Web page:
Some Good Contemporary Artists
IT IS A MISCONCEPTION that no good art is being created in the contemporary age. Very little is being created in the mainstream, that is true, but there are still those who persevere in spite of being starved of publicity.
Who are those others who, while not necessarily politically aware or conscious, are creating good works of art that are implicitly White, by dint of their aesthetics and subject matters?
The subculture known as Steampunk has provided a source of inspiration for contemporary artists and artisans alike, foremost among them being Belarussian artist Vadim Voitekhovitch, whose scenes very much marry the aesthetics of High Victorianism with the fantastic technology of Verne and Wells. Voitekhovitch resides in Germany these days and is to be found at historical re-enactments and events.
Much closer to home is Tracy Savage, who has galleries in Hornsea and Scarborough, both along the Yorkshire Coast that provides the inspiration for her work, even though she herself hails from Rugby in Warwickshire. Tracy also creates and sells children’s books, postcards and greetings cards with her artwork featured, which is a good tip for budding artists who wish to make a living from their art. Her paintings are a quintessentially English take on the surrealist genre and bring a humorous touch to the coastal resorts depicted.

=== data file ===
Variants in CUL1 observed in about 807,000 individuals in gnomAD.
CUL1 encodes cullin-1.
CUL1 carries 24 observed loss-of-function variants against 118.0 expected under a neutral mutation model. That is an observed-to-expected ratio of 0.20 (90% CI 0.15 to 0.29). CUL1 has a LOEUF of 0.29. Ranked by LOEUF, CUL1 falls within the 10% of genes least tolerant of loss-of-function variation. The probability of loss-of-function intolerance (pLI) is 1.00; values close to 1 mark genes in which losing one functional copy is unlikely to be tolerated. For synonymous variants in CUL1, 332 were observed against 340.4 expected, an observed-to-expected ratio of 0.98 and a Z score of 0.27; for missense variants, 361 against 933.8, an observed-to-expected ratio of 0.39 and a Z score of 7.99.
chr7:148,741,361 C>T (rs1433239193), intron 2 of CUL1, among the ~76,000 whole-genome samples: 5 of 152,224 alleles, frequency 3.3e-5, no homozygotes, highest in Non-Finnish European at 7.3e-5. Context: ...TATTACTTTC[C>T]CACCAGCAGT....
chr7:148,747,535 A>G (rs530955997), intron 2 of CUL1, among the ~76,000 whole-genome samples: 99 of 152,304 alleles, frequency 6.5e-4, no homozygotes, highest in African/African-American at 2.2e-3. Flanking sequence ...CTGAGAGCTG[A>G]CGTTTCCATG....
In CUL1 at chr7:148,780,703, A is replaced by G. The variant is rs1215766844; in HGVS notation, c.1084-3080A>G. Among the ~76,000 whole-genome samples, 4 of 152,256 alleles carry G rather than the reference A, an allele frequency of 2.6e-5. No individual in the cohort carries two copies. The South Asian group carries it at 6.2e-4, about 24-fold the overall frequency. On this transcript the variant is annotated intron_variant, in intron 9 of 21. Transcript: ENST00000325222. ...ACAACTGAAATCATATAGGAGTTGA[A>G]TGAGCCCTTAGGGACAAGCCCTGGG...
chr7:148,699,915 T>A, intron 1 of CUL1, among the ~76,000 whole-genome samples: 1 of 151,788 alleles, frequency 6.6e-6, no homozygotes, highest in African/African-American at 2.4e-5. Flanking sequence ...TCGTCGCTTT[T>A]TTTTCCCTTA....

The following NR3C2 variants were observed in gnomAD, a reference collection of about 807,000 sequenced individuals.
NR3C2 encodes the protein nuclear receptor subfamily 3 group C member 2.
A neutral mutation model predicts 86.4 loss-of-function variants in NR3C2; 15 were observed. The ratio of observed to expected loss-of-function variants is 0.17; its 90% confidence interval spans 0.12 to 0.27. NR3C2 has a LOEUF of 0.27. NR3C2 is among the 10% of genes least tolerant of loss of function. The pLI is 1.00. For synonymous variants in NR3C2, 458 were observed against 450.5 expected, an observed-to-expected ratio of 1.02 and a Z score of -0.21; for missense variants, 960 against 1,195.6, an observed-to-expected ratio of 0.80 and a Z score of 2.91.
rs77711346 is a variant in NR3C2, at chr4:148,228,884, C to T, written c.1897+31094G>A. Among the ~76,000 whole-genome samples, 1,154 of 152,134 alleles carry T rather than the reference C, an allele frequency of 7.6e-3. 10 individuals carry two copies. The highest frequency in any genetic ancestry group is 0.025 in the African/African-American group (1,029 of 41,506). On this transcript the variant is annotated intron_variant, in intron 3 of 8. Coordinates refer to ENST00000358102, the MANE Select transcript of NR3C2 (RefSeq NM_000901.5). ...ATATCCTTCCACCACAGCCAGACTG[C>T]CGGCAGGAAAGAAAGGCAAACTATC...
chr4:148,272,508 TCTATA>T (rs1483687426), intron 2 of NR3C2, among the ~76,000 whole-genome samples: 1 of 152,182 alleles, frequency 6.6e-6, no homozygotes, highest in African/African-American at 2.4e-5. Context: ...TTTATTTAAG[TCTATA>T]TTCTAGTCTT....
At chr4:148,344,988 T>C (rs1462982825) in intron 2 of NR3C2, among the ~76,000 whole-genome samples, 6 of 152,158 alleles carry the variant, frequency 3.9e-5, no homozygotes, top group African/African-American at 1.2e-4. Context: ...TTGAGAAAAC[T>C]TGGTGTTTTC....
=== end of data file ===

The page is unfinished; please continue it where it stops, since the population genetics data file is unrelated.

Staying in the North of England, Salford artist Philip Westcott belongs to the Northern School of artists, who tap into the nostalgia of a time shortly prior to mass immigration and multiracialism. Westcott therefore tends to focus on the 1980s when addressing townscapes and cityscapes. He also paints landscapes and holiday scenes both in Britain and continental Europe. While several of the Northern School are mere L.S. Lowry copyists, Westcott has developed his own distinctive style. To put it in his own words, “I started by painting individuals but now tend to paint a wider view of the scene. In these compositions I capture indiscriminate figures by painting them loosely so that they appear to merge into the scene.” Unconsciously there, there is the knowledge that certain people belong to certain scenes.
Last but not least is up-and-coming Bavarian artist Ute Plank, whose work I first encountered at an exhibition in Bad Reichenhall last year and which was clearly far superior to all others. Her work blends the past and present of native German life and culture, as well as mythological and folkloric elements.
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Source: Mjolnir magazine